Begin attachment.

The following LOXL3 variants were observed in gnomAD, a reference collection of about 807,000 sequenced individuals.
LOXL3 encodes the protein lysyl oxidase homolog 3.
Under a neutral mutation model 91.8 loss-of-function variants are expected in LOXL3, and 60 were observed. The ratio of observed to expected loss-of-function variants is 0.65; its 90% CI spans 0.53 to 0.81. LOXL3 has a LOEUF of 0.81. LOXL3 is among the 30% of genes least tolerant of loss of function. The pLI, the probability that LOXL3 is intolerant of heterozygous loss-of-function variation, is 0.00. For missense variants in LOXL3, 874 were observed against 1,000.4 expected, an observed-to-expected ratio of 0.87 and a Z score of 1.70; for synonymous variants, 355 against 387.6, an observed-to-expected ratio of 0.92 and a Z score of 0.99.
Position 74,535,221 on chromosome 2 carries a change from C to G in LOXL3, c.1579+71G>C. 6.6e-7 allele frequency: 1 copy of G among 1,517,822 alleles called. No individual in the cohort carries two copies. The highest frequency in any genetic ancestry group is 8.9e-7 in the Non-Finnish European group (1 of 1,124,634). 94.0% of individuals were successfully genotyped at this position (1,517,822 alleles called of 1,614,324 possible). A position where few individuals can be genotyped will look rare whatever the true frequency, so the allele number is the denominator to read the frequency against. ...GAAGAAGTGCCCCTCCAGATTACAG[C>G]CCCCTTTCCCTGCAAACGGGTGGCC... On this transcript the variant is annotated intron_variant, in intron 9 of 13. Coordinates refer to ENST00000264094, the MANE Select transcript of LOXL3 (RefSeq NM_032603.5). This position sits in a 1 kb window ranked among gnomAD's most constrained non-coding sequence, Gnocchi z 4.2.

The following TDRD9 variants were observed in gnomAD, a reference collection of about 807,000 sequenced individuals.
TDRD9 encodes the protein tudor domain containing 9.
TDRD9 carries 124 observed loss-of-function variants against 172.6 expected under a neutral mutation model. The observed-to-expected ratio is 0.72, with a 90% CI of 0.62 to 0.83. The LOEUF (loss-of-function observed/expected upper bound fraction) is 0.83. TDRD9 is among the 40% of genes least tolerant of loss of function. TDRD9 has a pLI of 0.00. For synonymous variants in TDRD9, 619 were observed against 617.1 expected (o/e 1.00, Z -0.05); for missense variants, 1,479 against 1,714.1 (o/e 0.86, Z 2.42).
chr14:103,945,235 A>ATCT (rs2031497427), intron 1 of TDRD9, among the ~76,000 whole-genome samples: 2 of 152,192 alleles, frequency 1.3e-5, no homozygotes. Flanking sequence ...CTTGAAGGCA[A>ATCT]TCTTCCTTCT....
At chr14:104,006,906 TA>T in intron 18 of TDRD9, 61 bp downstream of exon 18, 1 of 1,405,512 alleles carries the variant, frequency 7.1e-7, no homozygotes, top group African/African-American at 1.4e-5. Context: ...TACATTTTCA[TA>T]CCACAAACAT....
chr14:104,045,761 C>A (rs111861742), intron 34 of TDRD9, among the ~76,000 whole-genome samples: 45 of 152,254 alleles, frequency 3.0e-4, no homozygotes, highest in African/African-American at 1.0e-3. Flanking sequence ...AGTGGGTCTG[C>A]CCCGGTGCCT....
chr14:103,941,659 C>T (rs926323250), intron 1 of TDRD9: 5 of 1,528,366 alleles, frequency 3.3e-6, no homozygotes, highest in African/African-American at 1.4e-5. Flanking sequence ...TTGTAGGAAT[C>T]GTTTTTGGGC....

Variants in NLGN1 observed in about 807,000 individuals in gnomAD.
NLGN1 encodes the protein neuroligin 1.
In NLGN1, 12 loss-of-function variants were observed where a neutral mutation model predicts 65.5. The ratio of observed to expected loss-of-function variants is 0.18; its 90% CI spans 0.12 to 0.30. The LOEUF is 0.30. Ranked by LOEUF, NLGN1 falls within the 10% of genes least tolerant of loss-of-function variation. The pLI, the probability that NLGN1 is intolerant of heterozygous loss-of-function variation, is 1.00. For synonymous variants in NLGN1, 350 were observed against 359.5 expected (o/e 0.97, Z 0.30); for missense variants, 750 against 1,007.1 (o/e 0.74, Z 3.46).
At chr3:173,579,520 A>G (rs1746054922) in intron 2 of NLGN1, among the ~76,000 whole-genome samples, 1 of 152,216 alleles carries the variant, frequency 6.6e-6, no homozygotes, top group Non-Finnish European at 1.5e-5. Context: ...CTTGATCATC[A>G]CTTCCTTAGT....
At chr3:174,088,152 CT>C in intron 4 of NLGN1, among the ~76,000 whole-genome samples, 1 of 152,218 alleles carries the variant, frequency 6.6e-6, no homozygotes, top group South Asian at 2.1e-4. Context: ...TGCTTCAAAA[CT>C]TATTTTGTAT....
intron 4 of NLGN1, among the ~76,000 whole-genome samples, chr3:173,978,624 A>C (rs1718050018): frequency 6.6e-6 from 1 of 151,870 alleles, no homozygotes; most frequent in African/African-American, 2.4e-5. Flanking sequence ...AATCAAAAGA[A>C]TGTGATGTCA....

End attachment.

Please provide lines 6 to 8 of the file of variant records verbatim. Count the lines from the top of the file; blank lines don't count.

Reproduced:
TDRD9 encodes the protein tudor domain containing 9.
TDRD9 carries 124 observed loss-of-function variants against 172.6 expected under a neutral mutation model. The observed-to-expected ratio is 0.72, with a 90% CI of 0.62 to 0.83. The LOEUF (loss-of-function observed/expected upper bound fraction) is 0.83. TDRD9 is among the 40% of genes least tolerant of loss of function. TDRD9 has a pLI of 0.00. For synonymous variants in TDRD9, 619 were observed against 617.1 expected (o/e 1.00, Z -0.05); for missense variants, 1,479 against 1,714.1 (o/e 0.86, Z 2.42).
chr14:103,945,235 A>ATCT (rs2031497427), intron 1 of TDRD9, among the ~76,000 whole-genome samples: 2 of 152,192 alleles, frequency 1.3e-5, no homozygotes. Flanking sequence ...CTTGAAGGCA[A>ATCT]TCTTCCTTCT....